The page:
With a vision of protecting Samoa’s sovereign rights to its genetic resources (GR) and the wealth of traditional knowledge (TK) associated with GR held by its people, the Ministry of Natural Resources and Environment, through the Division of Environment Conservation (MNRE – DEC), has made great strides with the further implementation of the Nagoya Protocol (NP) on Access to GR and the Fair and Equitable Sharing of Benefits Arising from their Utilization (also referred to as “Access and Benefit Sharing” – ABS) with the completion of a one day consultation with the Aopo community in Savai’i on the 10th of March, 2020.
As the implementing agency, MNRE-DEC led a team made up of members from key partners such as the United Nation Development Programme (UNDP) and the Secretariat of Pacific Regional Environmental Programme (SPREP) to conduct the above-mentioned consultation. MNRE-DEC’s Assistant Chief Executive Officer, Seumalo Afele Faiilagi, took lead of the consultation where he made a statement on behalf of the Ministry where he provided the overall summary of the ABS process and Samoa’s obligation under the United Nations Convention of Biological Diversity (UN-CBD) Convention and the NP as a supplementary agreement which aims at sharing the benefits arising from utilization of GR in a fair and equitable way. Furthermore, Seumalo also took lead in further developing the Biocultural Community Protocol (BCP) through discussions with the community leaders – this BCP was generated during last year’s consultation with Aopo.
Discussions with the Aopo community was seen as a great success as the community leaders responded well to the presentation of their BCP and showed great interest by asking many questions related to ABS. After a presentation on their BCP by the MNRE-DEC’s Terrestrial Conservation Section’s Principal Officer, Czarina Iese Stowers, many questions were asked on the types of benefits they were entitled to as they felt unfairly treated by those who used their GR in the past.
“The community consultation with Aopo had brought together members from the village to learn about their first draft BCP,” explains Mrs. Iese-Stowers.
“The intention of their BCP is to provide them with information and guidance in support of their local initiatives and campaigns for access to their GR and the fair and equitable sharing of benefits arising out of the utilization of these GR. Developing this protocol will help to provide notice for the users or the external actors about their identity and their way of life, customary values and laws and procedures for engagement. It can be a powerful way for Aopo community to determine and communicate their own plans and priorities and advocate for respect and appropriate support for their ways of life”.
But what exactly is ABS? As mentioned above, ABS was derived from Samoa’s agreement to the UN-CBD where it was agreed to pursue three (3) key goals of the CBD which include: to conserve local biodiversity, to sustainably use the components of local biodiversity, and to fairly and equitably share the benefits between the GR users (e.g. researchers, universities, or companies) and the GR providers (government or local communities by which the GR sources belong to).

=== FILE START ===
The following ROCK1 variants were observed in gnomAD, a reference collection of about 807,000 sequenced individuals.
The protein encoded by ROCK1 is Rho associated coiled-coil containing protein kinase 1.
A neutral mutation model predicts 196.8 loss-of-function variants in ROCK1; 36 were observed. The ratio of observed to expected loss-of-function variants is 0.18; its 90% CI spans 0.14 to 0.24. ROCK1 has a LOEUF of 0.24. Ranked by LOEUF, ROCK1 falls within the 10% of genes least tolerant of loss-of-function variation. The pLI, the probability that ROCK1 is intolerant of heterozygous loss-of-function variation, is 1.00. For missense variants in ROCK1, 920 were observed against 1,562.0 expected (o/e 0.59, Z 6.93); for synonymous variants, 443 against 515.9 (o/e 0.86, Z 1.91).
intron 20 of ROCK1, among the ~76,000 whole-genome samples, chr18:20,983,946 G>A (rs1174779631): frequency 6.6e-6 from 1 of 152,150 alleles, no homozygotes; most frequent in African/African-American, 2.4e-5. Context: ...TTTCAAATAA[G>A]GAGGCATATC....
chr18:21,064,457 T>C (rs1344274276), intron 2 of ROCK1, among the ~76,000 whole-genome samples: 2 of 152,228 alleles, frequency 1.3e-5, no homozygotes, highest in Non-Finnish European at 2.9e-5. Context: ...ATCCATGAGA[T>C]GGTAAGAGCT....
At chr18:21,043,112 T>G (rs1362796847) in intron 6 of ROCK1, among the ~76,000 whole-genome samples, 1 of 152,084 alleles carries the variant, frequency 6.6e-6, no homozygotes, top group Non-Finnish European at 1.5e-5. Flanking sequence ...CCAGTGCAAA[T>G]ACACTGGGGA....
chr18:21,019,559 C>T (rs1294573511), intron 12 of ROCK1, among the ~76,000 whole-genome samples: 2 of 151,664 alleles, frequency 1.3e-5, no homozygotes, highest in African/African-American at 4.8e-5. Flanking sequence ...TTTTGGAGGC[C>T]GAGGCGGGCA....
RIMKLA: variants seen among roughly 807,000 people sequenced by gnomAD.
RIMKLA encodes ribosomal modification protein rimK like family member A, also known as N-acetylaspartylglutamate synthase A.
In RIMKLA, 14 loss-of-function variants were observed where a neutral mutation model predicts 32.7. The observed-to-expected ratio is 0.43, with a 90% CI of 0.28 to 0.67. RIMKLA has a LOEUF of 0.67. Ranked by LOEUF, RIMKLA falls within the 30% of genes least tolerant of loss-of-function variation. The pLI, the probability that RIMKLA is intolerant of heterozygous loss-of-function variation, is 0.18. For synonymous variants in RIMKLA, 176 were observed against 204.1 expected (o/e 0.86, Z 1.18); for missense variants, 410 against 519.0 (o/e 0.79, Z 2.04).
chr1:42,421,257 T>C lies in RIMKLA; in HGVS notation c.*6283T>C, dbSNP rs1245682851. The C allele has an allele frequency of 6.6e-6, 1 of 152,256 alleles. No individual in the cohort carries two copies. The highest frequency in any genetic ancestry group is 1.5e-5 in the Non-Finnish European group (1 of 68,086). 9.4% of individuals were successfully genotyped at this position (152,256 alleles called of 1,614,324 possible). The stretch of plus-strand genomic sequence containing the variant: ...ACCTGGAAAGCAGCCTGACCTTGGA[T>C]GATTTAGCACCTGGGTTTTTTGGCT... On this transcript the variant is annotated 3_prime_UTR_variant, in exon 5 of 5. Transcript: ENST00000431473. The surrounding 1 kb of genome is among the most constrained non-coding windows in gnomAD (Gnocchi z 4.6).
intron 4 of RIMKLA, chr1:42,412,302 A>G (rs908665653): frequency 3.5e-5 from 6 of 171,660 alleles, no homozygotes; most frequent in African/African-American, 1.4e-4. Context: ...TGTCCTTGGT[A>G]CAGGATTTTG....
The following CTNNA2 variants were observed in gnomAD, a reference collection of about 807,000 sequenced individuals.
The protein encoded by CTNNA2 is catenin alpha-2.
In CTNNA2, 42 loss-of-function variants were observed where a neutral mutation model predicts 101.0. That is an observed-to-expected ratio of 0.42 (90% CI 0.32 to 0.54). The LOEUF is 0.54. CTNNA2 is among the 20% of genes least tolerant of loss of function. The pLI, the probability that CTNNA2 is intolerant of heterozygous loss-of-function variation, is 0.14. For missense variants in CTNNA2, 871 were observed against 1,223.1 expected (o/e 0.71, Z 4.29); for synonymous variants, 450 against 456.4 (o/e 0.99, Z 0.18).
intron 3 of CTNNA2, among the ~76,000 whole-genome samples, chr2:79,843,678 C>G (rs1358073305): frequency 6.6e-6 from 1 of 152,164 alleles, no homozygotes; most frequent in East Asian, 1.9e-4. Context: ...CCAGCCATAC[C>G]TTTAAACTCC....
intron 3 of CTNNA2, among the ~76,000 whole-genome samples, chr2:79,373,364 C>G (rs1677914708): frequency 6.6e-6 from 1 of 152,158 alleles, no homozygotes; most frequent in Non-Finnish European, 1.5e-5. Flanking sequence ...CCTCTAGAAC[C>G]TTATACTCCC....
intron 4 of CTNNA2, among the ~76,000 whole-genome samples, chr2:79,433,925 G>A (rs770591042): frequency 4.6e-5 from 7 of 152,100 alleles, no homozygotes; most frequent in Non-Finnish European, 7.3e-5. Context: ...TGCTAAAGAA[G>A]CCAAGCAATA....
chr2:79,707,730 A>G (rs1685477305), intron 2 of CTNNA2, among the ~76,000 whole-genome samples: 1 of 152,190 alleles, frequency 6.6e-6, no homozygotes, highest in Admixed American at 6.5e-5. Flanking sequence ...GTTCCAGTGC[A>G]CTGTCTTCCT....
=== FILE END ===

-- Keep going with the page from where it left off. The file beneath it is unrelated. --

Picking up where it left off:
But due to the fact that not all are aware of the importance of conserving their local biodiversity, the value it holds, and the rights to the benefits generated from their local biodiversity, the ABS work conducted by MNRE-DEC pushes to remedy this through consultations to raise awareness and to help build firm BCP’s to protect the rights of communities.
The ABS process currently in place are as follows. Before GR’s are used by any outside party, the national authority (government/community leaders) needs to first provide a Prior Informed Consent (PIC) to allow the GR user to access the resource. Once the PIC is provided, the GR user and provider must set up Mutually Agreed Terms (MAT) to ensure that all benefits generated from the resource will be fairly shared onto the providers of the GR. These conditions are required by the UN-CBD.
This is necessary to avoid past concerns where communities around Samoa became victims to unfair benefit sharing where GR users from foreign countries who requested access to local GR (through District representatives and Chiefs) but did not give a fair share of benefits back to the people. It is important that the communities are also aware that if a GR user is to approach communities with regards to GR access, it is always best to report to MNRE for appropriate actions to be put in place. By doing so, community rights will be better protected leading to them being given not only a partial share but a long term sustainable share of benefits from the GR used.
As the implementing agency, MNRE-DEC plans to continue their commitment to the NP on ABS by facilitating the ABS process, reviewing user applications, forming firm BCPs, spreading more awareness on the rights of Samoa’s people, and pushing for increased fairness in the sharing of benefits arising from the use of locally owned GR. MNRE would like to acknowledge the invaluable support of their key partners, UNDP and SPREP, by helping to make ABS a reality in Samoa and assisting with consultations.